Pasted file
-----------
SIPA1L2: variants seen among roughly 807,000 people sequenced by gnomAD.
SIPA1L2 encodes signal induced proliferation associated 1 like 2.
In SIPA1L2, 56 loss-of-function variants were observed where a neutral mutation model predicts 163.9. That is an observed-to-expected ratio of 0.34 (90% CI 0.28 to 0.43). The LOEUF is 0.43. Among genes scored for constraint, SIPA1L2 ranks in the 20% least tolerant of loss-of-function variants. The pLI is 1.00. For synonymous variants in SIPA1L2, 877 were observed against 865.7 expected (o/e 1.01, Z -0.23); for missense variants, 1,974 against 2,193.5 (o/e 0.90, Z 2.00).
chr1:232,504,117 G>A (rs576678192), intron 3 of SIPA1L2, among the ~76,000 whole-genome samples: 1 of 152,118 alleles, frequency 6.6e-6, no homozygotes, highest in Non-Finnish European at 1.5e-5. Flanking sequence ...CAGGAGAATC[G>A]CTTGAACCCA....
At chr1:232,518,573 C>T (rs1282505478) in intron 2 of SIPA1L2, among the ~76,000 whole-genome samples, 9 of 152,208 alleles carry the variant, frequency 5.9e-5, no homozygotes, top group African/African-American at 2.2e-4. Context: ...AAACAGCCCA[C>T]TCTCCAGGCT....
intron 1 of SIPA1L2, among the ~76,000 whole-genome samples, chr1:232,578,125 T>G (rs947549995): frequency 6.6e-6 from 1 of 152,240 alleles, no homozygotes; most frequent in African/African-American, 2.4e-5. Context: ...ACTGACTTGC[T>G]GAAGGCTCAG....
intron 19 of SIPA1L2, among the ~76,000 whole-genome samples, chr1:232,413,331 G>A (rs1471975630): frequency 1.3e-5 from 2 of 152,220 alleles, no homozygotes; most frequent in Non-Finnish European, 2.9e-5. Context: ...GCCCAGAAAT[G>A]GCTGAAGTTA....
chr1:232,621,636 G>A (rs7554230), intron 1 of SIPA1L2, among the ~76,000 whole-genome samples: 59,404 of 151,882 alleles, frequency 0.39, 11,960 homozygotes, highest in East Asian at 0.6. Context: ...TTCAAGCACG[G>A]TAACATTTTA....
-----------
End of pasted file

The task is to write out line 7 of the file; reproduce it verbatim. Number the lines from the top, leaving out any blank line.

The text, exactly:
intron 19 of SIPA1L2, among the ~76,000 whole-genome samples, chr1:232,413,331 G>A (rs1471975630): frequency 1.3e-5 from 2 of 152,220 alleles, no homozygotes; most frequent in Non-Finnish European, 2.9e-5. Context: ...GCCCAGAAAT[G>A]GCTGAAGTTA....